In light of the ongoing humanitarian crisis in Artsakh – with Azerbaijan’s blockade of the Lachin Corridor creating a deepening food, health and humanitarian crisis for the 120,000 Armenians now trapped in the republic – the producers of Invisible Republic have made the film available digitally in every territory of the world. Inspired by the explosive wartime diary of Lika Zakaryan, the award-winning documentary can now be watched by virtual cinema. Virtual tickets are $10 and all proceeds will be donated to Artsakh humanitarian and relief funds.
The film (which is available in English, Armenian, Russian and French) is not only a dramatic on-the-ground account of the 44-day war in Artsakh in 2020, but also a comprehensive account of its recent history and important context for the current crisis.
The release is accompanied by a global awareness and education campaign spearheaded by the Armenian General Benevolent Union (AGBU) and Creative Armenia. Physical screenings for governmental groups, human rights organizations and educational institutions are now being set in London, Paris, Madrid, Berlin, Zurich and other cities.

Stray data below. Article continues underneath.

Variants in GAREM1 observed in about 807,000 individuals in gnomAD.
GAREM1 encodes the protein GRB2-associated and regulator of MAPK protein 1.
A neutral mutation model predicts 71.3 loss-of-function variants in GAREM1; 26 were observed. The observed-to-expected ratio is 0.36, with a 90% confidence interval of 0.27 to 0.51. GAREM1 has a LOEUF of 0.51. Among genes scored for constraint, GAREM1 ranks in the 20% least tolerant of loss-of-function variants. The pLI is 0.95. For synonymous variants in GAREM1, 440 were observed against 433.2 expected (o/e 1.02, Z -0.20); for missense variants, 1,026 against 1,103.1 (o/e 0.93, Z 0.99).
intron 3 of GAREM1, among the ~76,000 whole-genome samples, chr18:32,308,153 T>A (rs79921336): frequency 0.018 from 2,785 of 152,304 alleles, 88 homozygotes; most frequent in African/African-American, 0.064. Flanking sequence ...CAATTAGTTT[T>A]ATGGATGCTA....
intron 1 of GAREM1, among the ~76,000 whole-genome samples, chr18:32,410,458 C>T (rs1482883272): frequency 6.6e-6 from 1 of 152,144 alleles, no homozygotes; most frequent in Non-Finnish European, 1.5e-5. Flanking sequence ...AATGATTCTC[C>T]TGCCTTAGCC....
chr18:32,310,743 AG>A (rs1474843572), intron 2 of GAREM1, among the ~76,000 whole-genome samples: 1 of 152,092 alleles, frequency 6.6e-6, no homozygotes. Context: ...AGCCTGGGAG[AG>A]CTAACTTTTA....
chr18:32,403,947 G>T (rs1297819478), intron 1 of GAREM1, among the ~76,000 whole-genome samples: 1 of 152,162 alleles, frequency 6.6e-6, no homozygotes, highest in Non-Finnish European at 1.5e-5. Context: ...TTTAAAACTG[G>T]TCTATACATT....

“This isn’t just a film about me,” said Zakaryan, who has been separated from her family for more than 40 days as a result of the blockade. “It is the story and tragedy of my family, my friends and my people. And sadly it isn’t over. I look forward to sharing the film with you and meeting with you to discuss the history of Artsakh, what is happening there now and what we can do to prevent another genocide against the Armenian people.”
“This first-hand account of the realities experienced during and after the 44 days of Azeri aggression in 2020 is a critical documentation of the true human experience. Today, Artsakh is threatened by a territorial blockade putting the lives of its citizens at risk. We urge Armenians everywhere to share Lika’s account and leverage this impressive documentary to raise awareness of what is happening today. We cannot remain silent observers when our fellow Armenians need our voices,” urged AGBU Central Board member Ani Manoukian.
“We initially made this film to educate the non-Armenian world about Artsakh and to raise awareness about the 44-day Artsakh War of 2020,” said the film’s producer Dr. Eric Esrailian, who is also an AGBU Central Board member and a founding member of Creative Armenia. “But the darkest chapter of war may be yet to come. We have decided to move up distribution plans and share Lika’s story with the world, in hopes that it will move hearts and minds to stand with the people of Artsakh at this moment of crisis.”
The entirety of the proceeds of the film’s release will be donated to Artsakh-related humanitarian and relief charities, including AGBU’s Global Relief Fund.